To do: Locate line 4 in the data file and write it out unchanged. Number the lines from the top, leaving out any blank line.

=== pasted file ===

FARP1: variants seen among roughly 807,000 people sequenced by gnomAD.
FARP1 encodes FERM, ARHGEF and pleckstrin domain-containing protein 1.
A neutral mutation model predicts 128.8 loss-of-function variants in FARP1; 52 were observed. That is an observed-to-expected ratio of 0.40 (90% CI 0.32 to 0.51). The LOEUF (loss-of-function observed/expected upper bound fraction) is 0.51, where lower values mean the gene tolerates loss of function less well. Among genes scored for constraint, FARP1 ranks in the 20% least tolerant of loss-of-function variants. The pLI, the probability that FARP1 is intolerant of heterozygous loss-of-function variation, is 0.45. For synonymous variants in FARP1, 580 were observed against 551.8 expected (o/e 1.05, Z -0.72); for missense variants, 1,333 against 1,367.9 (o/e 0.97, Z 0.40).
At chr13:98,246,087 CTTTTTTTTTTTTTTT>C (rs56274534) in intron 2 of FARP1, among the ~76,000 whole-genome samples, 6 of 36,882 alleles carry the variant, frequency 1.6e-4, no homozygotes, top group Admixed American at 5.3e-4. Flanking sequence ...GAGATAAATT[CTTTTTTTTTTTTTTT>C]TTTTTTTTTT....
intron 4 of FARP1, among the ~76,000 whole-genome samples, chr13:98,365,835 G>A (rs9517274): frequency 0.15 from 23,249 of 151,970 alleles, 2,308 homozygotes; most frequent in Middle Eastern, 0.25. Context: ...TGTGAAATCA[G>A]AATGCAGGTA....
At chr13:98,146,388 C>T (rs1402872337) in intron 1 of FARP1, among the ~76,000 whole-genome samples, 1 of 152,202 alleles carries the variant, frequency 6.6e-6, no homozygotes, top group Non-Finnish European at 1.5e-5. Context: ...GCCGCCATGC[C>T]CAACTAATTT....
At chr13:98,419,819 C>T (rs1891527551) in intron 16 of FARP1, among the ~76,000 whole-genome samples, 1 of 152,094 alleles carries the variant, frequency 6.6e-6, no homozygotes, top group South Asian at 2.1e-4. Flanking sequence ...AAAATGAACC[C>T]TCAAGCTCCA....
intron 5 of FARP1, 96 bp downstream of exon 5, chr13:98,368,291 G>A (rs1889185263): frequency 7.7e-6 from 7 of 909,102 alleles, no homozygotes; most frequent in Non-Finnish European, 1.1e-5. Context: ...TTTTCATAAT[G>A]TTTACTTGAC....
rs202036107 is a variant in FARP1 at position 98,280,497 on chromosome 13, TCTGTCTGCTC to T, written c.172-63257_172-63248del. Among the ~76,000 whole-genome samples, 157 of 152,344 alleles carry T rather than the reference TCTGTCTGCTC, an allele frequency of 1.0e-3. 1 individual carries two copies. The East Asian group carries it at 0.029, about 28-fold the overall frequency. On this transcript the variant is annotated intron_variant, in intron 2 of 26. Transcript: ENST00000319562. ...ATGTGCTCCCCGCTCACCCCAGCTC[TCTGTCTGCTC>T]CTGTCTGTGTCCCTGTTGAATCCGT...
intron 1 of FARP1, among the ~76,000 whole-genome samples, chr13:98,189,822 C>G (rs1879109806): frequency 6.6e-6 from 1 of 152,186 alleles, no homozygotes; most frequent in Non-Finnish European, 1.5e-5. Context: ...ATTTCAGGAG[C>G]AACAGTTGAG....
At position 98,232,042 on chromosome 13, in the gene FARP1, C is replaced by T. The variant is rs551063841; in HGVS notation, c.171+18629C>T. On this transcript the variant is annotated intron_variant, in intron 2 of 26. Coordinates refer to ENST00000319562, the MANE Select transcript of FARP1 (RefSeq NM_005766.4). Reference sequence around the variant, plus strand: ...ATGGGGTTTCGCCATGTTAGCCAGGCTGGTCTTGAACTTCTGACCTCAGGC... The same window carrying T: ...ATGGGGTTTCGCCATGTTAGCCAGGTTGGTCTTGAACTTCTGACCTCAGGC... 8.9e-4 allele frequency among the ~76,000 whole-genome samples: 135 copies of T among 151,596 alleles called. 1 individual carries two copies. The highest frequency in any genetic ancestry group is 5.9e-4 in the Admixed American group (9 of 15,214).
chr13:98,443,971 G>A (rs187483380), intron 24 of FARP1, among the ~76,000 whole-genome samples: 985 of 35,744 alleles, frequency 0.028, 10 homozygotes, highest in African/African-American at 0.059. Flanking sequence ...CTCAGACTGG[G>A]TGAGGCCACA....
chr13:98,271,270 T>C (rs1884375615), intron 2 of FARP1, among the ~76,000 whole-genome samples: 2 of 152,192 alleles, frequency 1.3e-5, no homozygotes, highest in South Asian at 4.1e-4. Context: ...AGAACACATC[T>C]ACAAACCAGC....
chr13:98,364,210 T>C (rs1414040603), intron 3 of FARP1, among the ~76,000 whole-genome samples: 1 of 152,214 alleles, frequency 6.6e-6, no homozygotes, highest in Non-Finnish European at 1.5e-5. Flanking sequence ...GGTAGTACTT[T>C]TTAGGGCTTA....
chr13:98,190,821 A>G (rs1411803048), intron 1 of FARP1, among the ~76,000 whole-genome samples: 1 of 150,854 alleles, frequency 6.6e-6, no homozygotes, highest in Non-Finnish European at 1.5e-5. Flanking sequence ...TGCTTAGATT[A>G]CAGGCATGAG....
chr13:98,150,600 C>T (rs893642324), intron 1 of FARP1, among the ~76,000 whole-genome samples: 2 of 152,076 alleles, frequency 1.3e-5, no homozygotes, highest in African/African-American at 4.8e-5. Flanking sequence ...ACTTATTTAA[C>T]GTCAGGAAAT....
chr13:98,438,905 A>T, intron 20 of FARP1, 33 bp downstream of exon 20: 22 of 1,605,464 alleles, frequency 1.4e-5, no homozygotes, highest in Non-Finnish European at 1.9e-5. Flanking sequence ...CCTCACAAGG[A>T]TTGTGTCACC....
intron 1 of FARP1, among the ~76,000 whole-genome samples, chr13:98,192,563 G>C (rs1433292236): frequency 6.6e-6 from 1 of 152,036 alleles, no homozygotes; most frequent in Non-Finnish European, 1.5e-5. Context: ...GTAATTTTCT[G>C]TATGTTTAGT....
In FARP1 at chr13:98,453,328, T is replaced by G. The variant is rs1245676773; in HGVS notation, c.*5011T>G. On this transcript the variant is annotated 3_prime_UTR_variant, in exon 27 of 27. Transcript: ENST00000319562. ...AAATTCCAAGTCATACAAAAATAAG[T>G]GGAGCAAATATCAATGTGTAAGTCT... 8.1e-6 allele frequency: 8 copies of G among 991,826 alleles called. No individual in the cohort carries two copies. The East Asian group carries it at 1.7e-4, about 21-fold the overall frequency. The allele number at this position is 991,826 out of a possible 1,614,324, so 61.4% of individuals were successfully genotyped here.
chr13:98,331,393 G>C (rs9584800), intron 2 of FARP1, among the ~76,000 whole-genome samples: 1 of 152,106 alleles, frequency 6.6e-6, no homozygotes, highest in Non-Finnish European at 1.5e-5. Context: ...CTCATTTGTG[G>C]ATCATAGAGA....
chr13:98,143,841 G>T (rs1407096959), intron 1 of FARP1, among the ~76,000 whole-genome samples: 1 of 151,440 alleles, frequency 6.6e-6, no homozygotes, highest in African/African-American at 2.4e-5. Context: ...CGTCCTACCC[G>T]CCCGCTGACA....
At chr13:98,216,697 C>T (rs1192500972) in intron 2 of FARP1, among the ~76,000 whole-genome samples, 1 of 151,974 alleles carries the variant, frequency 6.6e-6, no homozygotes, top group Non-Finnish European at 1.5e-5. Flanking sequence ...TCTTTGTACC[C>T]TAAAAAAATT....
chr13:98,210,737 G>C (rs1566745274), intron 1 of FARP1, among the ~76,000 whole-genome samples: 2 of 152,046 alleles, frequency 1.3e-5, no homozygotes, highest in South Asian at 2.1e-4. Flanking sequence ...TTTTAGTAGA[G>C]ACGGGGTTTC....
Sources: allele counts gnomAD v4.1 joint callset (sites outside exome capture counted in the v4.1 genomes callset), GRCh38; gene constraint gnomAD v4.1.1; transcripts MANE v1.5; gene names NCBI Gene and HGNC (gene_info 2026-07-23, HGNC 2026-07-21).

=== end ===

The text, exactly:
At chr13:98,246,087 CTTTTTTTTTTTTTTT>C (rs56274534) in intron 2 of FARP1, among the ~76,000 whole-genome samples, 6 of 36,882 alleles carry the variant, frequency 1.6e-4, no homozygotes, top group Admixed American at 5.3e-4. Flanking sequence ...GAGATAAATT[CTTTTTTTTTTTTTTT>C]TTTTTTTTTT....